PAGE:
Magazine article Washington Report on Middle East Affairs

Israel's or Commission Finds Evidence of "Shoot-to-Kill" Policy against Palestinian Citizens of Israel

Magazine article Washington Report on Middle East Affairs

Israel's or Commission Finds Evidence of "Shoot-to-Kill" Policy against Palestinian Citizens of Israel

Article excerpt

Israel's Or Commission Finds Evidence of "Shoot-to-Kill" Policy Against Palestinian Citizens of Israel

By Jonathan Cook

Jonathan Cook is a journalist with the Observer newspaper in London who recently returned from Nazareth.

Dominating the front pages of Israeli newspapers this past spring has been evidence that, as the second intifada heated up in early October 2000, Israeli police snipers carried out execution-style killings of 13 Palestinian citizens of Israel. The evidence has emerged in hearings before a judicial inquiry, the Or Commission sitting at the Supreme Court in Jerusalem, which has been examining the deaths, as well as severe injuries to hundreds more demonstrators. The testimony of police witnesses shows that the force lied for many months about the fact that it used live ammunition against Arab demonstrators in the country's north. Individual officers also have admitted that they were ordered to use entirely different tactics when dealing with Israeli Jews who staged similar violent protests.

Most controversially, the Or Commission has heard that the northern police commander Alik Ron, whose outspoken views on the Arab minority are often described as racist, personally directed the shooting. One of Ron's senior officers has told the inquiry that it was the first time he had ever known of a policeman being told to open fire on Israeli citizens. Critics now accuse Ron of implementing a shoot-to-kill policy.

Evidence not yet presented to the inquiry is equally damning. Ballistics experts have confirmed that the police used high-velocity rifles firing small-caliber bullets that can inflict wounds particularly difficult to treat. A riot control expert who conducted an Amnesty International investigation has also concluded that, even though the Arabs were not armed, the police treated them as though they were a military foe, using tactics and weaponry more suited to putting down an armed insurrection. Indeed, the cover of a hospital report on 17-year-old Asil Asleh's death is stamped with the words "Enemy Operation."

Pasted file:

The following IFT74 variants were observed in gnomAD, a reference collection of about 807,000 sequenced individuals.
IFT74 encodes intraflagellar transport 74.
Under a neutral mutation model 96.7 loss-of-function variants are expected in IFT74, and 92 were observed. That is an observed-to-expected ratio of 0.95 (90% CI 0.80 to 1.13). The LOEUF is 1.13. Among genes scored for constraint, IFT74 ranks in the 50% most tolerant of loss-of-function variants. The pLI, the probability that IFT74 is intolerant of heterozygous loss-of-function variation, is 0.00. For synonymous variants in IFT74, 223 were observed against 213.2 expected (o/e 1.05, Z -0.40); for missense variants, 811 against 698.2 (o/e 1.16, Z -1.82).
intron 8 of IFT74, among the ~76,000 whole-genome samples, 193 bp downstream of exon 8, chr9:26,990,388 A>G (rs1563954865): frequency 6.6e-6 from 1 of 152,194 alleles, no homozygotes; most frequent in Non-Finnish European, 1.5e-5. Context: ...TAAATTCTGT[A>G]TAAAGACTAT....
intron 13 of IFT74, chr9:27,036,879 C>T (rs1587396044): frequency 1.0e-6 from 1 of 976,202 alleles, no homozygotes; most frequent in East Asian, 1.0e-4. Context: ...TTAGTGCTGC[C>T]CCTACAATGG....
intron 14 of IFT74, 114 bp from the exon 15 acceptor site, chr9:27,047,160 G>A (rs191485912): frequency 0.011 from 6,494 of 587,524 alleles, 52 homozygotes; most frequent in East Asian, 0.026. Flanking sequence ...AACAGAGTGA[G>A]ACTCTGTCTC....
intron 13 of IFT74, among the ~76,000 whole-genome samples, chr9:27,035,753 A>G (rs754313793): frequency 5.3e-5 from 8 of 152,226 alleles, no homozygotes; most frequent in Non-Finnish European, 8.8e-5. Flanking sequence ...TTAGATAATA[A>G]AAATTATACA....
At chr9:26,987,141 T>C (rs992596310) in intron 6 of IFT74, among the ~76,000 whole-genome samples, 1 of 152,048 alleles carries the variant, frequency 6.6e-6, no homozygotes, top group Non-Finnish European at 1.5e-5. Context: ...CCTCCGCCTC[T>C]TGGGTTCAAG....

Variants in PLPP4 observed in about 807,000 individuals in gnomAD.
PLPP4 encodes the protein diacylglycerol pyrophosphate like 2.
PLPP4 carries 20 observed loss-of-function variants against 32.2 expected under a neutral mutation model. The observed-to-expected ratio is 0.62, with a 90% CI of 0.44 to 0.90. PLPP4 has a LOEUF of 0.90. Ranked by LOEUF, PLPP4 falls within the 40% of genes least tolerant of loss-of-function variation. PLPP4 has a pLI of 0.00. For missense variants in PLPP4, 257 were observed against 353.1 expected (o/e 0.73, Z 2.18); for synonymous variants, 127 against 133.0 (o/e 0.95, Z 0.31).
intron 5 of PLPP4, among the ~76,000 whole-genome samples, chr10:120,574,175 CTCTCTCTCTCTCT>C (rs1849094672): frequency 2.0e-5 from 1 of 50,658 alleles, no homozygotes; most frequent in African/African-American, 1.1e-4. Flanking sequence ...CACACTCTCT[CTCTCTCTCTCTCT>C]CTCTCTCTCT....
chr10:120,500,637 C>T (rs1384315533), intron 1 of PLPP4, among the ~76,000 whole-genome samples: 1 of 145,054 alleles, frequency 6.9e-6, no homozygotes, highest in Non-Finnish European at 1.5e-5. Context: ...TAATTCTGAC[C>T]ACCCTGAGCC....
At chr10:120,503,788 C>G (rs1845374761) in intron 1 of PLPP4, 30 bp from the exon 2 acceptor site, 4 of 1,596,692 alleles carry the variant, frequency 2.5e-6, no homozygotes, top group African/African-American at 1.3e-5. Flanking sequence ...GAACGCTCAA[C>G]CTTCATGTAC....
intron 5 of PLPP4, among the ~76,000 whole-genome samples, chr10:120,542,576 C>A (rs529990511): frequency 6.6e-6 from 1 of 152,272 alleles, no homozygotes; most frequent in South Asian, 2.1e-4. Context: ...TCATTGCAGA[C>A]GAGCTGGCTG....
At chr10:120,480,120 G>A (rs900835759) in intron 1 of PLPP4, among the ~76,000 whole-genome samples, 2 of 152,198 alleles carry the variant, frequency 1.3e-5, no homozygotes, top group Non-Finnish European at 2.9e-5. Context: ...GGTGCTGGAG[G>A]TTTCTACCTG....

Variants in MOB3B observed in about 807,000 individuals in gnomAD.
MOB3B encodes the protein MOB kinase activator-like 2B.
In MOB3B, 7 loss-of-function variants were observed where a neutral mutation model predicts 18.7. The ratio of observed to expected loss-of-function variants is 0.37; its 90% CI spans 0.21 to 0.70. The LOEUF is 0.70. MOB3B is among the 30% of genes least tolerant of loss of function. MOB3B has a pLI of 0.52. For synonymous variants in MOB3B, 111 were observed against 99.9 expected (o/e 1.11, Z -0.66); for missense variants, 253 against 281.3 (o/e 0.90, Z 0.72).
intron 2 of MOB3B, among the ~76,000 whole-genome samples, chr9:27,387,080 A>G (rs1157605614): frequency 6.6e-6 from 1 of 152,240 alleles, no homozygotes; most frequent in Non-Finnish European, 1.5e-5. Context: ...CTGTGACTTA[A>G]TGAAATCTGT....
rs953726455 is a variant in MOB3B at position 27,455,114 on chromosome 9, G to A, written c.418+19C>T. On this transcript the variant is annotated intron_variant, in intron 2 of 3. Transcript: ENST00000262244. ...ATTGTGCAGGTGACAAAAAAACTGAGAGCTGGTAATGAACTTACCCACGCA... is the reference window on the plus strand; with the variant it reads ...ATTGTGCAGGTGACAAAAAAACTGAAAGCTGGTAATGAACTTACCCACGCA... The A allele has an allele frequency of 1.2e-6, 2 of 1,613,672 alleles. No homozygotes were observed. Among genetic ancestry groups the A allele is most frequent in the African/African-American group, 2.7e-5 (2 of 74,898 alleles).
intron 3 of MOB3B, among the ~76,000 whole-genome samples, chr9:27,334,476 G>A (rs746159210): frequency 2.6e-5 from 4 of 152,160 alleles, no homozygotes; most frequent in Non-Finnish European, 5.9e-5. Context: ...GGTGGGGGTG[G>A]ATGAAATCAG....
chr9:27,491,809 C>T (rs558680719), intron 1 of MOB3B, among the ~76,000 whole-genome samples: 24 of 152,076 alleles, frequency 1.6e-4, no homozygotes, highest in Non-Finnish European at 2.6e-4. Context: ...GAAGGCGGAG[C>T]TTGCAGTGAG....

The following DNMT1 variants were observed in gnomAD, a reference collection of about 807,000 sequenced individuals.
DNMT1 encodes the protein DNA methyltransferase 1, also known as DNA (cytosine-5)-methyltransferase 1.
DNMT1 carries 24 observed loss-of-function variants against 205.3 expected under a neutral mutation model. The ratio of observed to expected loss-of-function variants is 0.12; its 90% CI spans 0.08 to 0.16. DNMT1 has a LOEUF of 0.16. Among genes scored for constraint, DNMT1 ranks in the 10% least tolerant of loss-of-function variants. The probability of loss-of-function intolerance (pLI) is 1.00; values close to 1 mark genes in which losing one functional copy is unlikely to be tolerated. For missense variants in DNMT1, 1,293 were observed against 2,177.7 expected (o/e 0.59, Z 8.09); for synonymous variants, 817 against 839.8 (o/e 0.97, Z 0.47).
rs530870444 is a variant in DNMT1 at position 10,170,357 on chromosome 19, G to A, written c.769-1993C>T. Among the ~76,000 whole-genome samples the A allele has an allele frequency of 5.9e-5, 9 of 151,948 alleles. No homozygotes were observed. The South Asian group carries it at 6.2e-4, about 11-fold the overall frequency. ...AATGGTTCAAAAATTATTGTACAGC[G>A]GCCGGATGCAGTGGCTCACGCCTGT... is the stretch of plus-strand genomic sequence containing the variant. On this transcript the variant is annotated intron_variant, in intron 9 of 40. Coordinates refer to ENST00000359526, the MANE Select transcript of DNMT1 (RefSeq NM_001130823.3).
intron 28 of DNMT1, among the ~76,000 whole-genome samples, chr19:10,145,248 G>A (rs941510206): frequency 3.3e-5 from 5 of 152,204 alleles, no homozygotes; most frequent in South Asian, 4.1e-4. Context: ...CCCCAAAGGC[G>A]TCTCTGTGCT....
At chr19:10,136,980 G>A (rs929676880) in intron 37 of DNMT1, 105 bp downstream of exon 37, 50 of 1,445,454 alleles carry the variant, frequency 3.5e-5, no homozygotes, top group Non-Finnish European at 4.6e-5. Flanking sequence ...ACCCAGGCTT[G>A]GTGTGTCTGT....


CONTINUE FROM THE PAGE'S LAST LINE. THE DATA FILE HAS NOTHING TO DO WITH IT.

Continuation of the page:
Each year on March 30--in a ritual of confrontation with the authorities known as Land Day--Israel's Palestinians go on strike, often burning tires and throwing stones in demonstrations protesting five decades of discrimination and the confiscation of their lands by the Jewish state. But last October's protests--which were demonstrations both of solidarity with the intifada and against discrimination within Israel--were marked by a much harsher police response than usual. In Arrabe an unmarked convoy of policemen abandoned their position several hundred yards away, out of range of the stone-throwers, to drive directly at the demonstration. Asil Asleh, one of the slowest to react, ran for cover into an olive grove but stumbled and fell. Witnesses say that, as he lay face down on the ground, a policeman stood over him and shot at close range. Doctors later found a bullet wound in the back of his neck.

In the aftermath of the Galilee clashes, then-Prime Minister Ehud Barak and his interior minister, Shlomo Ben-Ami, praised the police. They claimed that Arab rioters were on the point of storming Jewish residential areas and that the death toll would have been much higher had the police not shown restraint. The official verdict was accepted by almost every Jew in Israel. Commentators in the media routinely denounced Israel's one million Palestinian citizens as a "fifth column," finally unmasked as collaborators with the enemy.

Then Barak, worried by the Palestinian citizens' threat to boycott the Feb. 6 elections en masse, promised to establish an inquiry to rake over the ashes of October's events. Ironically, the inquiry under Justice Theodor Or began its hearings just days after Barak's defeat at the polls.

Testimony of police officers called to the town of Umm al-Fahm, where three protesters were killed, has exposed glaring failures of normal police procedures. …

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